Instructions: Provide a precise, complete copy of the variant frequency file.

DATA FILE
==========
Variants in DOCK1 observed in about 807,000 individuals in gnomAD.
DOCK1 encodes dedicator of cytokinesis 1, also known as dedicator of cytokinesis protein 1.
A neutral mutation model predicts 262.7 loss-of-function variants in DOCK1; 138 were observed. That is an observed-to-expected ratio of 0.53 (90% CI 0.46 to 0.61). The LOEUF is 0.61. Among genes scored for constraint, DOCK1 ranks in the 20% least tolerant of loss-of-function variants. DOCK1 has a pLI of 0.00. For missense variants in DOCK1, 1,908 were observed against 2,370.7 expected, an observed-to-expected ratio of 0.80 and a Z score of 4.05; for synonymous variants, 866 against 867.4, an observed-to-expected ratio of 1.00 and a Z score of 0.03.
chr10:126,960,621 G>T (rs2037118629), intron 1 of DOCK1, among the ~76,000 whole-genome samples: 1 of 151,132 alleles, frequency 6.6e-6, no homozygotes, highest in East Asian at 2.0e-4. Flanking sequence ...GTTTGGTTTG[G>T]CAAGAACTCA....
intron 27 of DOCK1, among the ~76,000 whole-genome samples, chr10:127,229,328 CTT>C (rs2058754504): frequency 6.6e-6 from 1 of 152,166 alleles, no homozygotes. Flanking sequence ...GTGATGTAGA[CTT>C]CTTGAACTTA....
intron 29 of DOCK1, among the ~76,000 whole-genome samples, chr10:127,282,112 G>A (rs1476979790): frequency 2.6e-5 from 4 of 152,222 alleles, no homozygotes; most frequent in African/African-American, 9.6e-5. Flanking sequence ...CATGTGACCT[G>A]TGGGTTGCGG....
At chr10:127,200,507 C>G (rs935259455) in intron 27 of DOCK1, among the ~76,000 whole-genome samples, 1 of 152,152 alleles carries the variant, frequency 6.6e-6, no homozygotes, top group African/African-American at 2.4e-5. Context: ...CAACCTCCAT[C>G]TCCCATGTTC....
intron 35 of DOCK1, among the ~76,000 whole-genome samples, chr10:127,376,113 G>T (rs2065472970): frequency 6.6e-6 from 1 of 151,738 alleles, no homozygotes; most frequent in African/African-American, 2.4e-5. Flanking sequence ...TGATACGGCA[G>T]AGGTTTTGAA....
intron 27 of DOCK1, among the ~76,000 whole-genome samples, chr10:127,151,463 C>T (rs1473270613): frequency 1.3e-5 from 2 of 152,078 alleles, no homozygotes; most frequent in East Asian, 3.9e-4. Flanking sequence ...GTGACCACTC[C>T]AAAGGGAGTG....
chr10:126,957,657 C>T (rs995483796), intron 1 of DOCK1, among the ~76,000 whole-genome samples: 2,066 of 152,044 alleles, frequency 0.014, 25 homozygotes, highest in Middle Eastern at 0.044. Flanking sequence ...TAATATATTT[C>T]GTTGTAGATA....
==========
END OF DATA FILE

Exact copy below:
Variants in DOCK1 observed in about 807,000 individuals in gnomAD.
DOCK1 encodes dedicator of cytokinesis 1, also known as dedicator of cytokinesis protein 1.
A neutral mutation model predicts 262.7 loss-of-function variants in DOCK1; 138 were observed. That is an observed-to-expected ratio of 0.53 (90% CI 0.46 to 0.61). The LOEUF is 0.61. Among genes scored for constraint, DOCK1 ranks in the 20% least tolerant of loss-of-function variants. DOCK1 has a pLI of 0.00. For missense variants in DOCK1, 1,908 were observed against 2,370.7 expected, an observed-to-expected ratio of 0.80 and a Z score of 4.05; for synonymous variants, 866 against 867.4, an observed-to-expected ratio of 1.00 and a Z score of 0.03.
chr10:126,960,621 G>T (rs2037118629), intron 1 of DOCK1, among the ~76,000 whole-genome samples: 1 of 151,132 alleles, frequency 6.6e-6, no homozygotes, highest in East Asian at 2.0e-4. Flanking sequence ...GTTTGGTTTG[G>T]CAAGAACTCA....
intron 27 of DOCK1, among the ~76,000 whole-genome samples, chr10:127,229,328 CTT>C (rs2058754504): frequency 6.6e-6 from 1 of 152,166 alleles, no homozygotes. Flanking sequence ...GTGATGTAGA[CTT>C]CTTGAACTTA....
intron 29 of DOCK1, among the ~76,000 whole-genome samples, chr10:127,282,112 G>A (rs1476979790): frequency 2.6e-5 from 4 of 152,222 alleles, no homozygotes; most frequent in African/African-American, 9.6e-5. Flanking sequence ...CATGTGACCT[G>A]TGGGTTGCGG....
At chr10:127,200,507 C>G (rs935259455) in intron 27 of DOCK1, among the ~76,000 whole-genome samples, 1 of 152,152 alleles carries the variant, frequency 6.6e-6, no homozygotes, top group African/African-American at 2.4e-5. Context: ...CAACCTCCAT[C>G]TCCCATGTTC....
intron 35 of DOCK1, among the ~76,000 whole-genome samples, chr10:127,376,113 G>T (rs2065472970): frequency 6.6e-6 from 1 of 151,738 alleles, no homozygotes; most frequent in African/African-American, 2.4e-5. Flanking sequence ...TGATACGGCA[G>T]AGGTTTTGAA....
intron 27 of DOCK1, among the ~76,000 whole-genome samples, chr10:127,151,463 C>T (rs1473270613): frequency 1.3e-5 from 2 of 152,078 alleles, no homozygotes; most frequent in East Asian, 3.9e-4. Flanking sequence ...GTGACCACTC[C>T]AAAGGGAGTG....
chr10:126,957,657 C>T (rs995483796), intron 1 of DOCK1, among the ~76,000 whole-genome samples: 2,066 of 152,044 alleles, frequency 0.014, 25 homozygotes, highest in Middle Eastern at 0.044. Flanking sequence ...TAATATATTT[C>T]GTTGTAGATA....